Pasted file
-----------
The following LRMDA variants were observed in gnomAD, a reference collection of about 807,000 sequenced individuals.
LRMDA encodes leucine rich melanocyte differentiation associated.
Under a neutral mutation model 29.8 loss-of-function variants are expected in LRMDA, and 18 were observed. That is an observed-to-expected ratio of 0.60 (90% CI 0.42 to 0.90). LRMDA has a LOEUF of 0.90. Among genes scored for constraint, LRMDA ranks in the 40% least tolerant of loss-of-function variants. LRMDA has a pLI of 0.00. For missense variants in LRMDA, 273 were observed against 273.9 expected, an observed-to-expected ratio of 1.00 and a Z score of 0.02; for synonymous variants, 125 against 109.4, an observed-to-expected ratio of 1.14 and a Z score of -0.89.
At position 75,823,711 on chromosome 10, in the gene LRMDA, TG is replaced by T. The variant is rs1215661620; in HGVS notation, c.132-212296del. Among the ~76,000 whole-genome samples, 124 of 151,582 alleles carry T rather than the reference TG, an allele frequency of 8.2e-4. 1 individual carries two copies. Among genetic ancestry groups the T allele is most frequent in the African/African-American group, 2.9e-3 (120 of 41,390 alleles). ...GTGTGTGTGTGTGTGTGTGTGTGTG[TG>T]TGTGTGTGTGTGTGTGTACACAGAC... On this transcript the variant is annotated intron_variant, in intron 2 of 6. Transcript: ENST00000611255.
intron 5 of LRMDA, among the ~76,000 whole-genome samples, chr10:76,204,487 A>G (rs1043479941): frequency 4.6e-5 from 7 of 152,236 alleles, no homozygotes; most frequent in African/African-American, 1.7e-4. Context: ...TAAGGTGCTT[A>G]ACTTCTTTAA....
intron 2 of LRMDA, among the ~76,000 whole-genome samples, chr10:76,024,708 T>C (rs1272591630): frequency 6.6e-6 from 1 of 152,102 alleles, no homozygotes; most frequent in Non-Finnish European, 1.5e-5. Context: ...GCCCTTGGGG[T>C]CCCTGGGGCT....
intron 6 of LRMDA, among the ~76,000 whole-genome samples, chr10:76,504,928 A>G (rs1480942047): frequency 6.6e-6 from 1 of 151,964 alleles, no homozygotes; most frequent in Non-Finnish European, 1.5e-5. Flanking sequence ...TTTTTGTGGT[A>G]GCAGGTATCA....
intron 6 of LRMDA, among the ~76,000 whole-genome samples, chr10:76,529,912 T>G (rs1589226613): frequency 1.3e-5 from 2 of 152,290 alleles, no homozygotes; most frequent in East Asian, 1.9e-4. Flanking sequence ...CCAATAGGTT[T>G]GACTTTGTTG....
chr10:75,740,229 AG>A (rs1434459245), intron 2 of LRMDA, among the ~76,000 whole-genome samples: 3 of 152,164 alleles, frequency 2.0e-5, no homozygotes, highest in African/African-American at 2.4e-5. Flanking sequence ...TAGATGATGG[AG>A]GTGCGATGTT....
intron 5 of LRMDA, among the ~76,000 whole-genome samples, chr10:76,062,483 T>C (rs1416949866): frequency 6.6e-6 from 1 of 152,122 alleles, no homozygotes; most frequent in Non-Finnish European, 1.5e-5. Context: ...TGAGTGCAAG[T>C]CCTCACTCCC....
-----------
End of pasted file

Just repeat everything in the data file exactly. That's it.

The following LRMDA variants were observed in gnomAD, a reference collection of about 807,000 sequenced individuals.
LRMDA encodes leucine rich melanocyte differentiation associated.
Under a neutral mutation model 29.8 loss-of-function variants are expected in LRMDA, and 18 were observed. That is an observed-to-expected ratio of 0.60 (90% CI 0.42 to 0.90). LRMDA has a LOEUF of 0.90. Among genes scored for constraint, LRMDA ranks in the 40% least tolerant of loss-of-function variants. LRMDA has a pLI of 0.00. For missense variants in LRMDA, 273 were observed against 273.9 expected, an observed-to-expected ratio of 1.00 and a Z score of 0.02; for synonymous variants, 125 against 109.4, an observed-to-expected ratio of 1.14 and a Z score of -0.89.
At position 75,823,711 on chromosome 10, in the gene LRMDA, TG is replaced by T. The variant is rs1215661620; in HGVS notation, c.132-212296del. Among the ~76,000 whole-genome samples, 124 of 151,582 alleles carry T rather than the reference TG, an allele frequency of 8.2e-4. 1 individual carries two copies. Among genetic ancestry groups the T allele is most frequent in the African/African-American group, 2.9e-3 (120 of 41,390 alleles). ...GTGTGTGTGTGTGTGTGTGTGTGTG[TG>T]TGTGTGTGTGTGTGTGTACACAGAC... On this transcript the variant is annotated intron_variant, in intron 2 of 6. Transcript: ENST00000611255.
intron 5 of LRMDA, among the ~76,000 whole-genome samples, chr10:76,204,487 A>G (rs1043479941): frequency 4.6e-5 from 7 of 152,236 alleles, no homozygotes; most frequent in African/African-American, 1.7e-4. Context: ...TAAGGTGCTT[A>G]ACTTCTTTAA....
intron 2 of LRMDA, among the ~76,000 whole-genome samples, chr10:76,024,708 T>C (rs1272591630): frequency 6.6e-6 from 1 of 152,102 alleles, no homozygotes; most frequent in Non-Finnish European, 1.5e-5. Context: ...GCCCTTGGGG[T>C]CCCTGGGGCT....
intron 6 of LRMDA, among the ~76,000 whole-genome samples, chr10:76,504,928 A>G (rs1480942047): frequency 6.6e-6 from 1 of 151,964 alleles, no homozygotes; most frequent in Non-Finnish European, 1.5e-5. Flanking sequence ...TTTTTGTGGT[A>G]GCAGGTATCA....
intron 6 of LRMDA, among the ~76,000 whole-genome samples, chr10:76,529,912 T>G (rs1589226613): frequency 1.3e-5 from 2 of 152,290 alleles, no homozygotes; most frequent in East Asian, 1.9e-4. Flanking sequence ...CCAATAGGTT[T>G]GACTTTGTTG....
chr10:75,740,229 AG>A (rs1434459245), intron 2 of LRMDA, among the ~76,000 whole-genome samples: 3 of 152,164 alleles, frequency 2.0e-5, no homozygotes, highest in African/African-American at 2.4e-5. Flanking sequence ...TAGATGATGG[AG>A]GTGCGATGTT....
intron 5 of LRMDA, among the ~76,000 whole-genome samples, chr10:76,062,483 T>C (rs1416949866): frequency 6.6e-6 from 1 of 152,122 alleles, no homozygotes; most frequent in Non-Finnish European, 1.5e-5. Context: ...TGAGTGCAAG[T>C]CCTCACTCCC....